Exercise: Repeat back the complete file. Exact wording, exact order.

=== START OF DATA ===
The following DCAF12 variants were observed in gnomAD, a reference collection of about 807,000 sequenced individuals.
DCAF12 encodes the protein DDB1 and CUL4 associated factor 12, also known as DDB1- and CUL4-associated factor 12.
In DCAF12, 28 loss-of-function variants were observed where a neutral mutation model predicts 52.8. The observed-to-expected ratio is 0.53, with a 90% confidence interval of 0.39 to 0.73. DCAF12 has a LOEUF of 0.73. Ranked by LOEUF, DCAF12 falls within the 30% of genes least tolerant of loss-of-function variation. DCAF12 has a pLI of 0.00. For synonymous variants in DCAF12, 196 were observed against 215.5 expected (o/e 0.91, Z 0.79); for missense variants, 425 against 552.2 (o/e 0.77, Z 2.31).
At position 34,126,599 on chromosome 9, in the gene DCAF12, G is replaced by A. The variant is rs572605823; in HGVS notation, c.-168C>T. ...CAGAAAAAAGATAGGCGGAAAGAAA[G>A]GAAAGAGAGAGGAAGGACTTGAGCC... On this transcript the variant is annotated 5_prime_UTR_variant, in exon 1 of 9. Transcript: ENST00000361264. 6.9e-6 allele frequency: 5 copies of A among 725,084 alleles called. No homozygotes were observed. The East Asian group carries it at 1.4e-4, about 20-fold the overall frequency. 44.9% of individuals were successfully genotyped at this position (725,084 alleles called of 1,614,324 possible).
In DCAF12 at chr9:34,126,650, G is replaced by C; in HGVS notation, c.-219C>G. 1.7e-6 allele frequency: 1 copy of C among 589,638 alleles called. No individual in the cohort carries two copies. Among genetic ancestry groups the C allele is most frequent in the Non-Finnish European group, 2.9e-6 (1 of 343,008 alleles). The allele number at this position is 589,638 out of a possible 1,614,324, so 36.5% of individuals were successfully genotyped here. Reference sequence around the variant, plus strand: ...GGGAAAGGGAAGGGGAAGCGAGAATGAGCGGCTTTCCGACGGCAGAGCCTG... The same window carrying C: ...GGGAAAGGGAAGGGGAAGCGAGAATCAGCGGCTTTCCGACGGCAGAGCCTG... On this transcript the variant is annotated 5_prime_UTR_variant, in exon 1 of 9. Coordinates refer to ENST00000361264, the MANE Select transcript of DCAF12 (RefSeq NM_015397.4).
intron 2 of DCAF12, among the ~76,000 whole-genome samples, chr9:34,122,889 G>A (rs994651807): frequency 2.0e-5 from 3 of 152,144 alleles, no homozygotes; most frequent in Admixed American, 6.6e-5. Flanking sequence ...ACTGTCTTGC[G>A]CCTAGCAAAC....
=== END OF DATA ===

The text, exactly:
The following DCAF12 variants were observed in gnomAD, a reference collection of about 807,000 sequenced individuals.
DCAF12 encodes the protein DDB1 and CUL4 associated factor 12, also known as DDB1- and CUL4-associated factor 12.
In DCAF12, 28 loss-of-function variants were observed where a neutral mutation model predicts 52.8. The observed-to-expected ratio is 0.53, with a 90% confidence interval of 0.39 to 0.73. DCAF12 has a LOEUF of 0.73. Ranked by LOEUF, DCAF12 falls within the 30% of genes least tolerant of loss-of-function variation. DCAF12 has a pLI of 0.00. For synonymous variants in DCAF12, 196 were observed against 215.5 expected (o/e 0.91, Z 0.79); for missense variants, 425 against 552.2 (o/e 0.77, Z 2.31).
At position 34,126,599 on chromosome 9, in the gene DCAF12, G is replaced by A. The variant is rs572605823; in HGVS notation, c.-168C>T. ...CAGAAAAAAGATAGGCGGAAAGAAA[G>A]GAAAGAGAGAGGAAGGACTTGAGCC... On this transcript the variant is annotated 5_prime_UTR_variant, in exon 1 of 9. Transcript: ENST00000361264. 6.9e-6 allele frequency: 5 copies of A among 725,084 alleles called. No homozygotes were observed. The East Asian group carries it at 1.4e-4, about 20-fold the overall frequency. 44.9% of individuals were successfully genotyped at this position (725,084 alleles called of 1,614,324 possible).
In DCAF12 at chr9:34,126,650, G is replaced by C; in HGVS notation, c.-219C>G. 1.7e-6 allele frequency: 1 copy of C among 589,638 alleles called. No individual in the cohort carries two copies. Among genetic ancestry groups the C allele is most frequent in the Non-Finnish European group, 2.9e-6 (1 of 343,008 alleles). The allele number at this position is 589,638 out of a possible 1,614,324, so 36.5% of individuals were successfully genotyped here. Reference sequence around the variant, plus strand: ...GGGAAAGGGAAGGGGAAGCGAGAATGAGCGGCTTTCCGACGGCAGAGCCTG... The same window carrying C: ...GGGAAAGGGAAGGGGAAGCGAGAATCAGCGGCTTTCCGACGGCAGAGCCTG... On this transcript the variant is annotated 5_prime_UTR_variant, in exon 1 of 9. Coordinates refer to ENST00000361264, the MANE Select transcript of DCAF12 (RefSeq NM_015397.4).
intron 2 of DCAF12, among the ~76,000 whole-genome samples, chr9:34,122,889 G>A (rs994651807): frequency 2.0e-5 from 3 of 152,144 alleles, no homozygotes; most frequent in Admixed American, 6.6e-5. Flanking sequence ...ACTGTCTTGC[G>A]CCTAGCAAAC....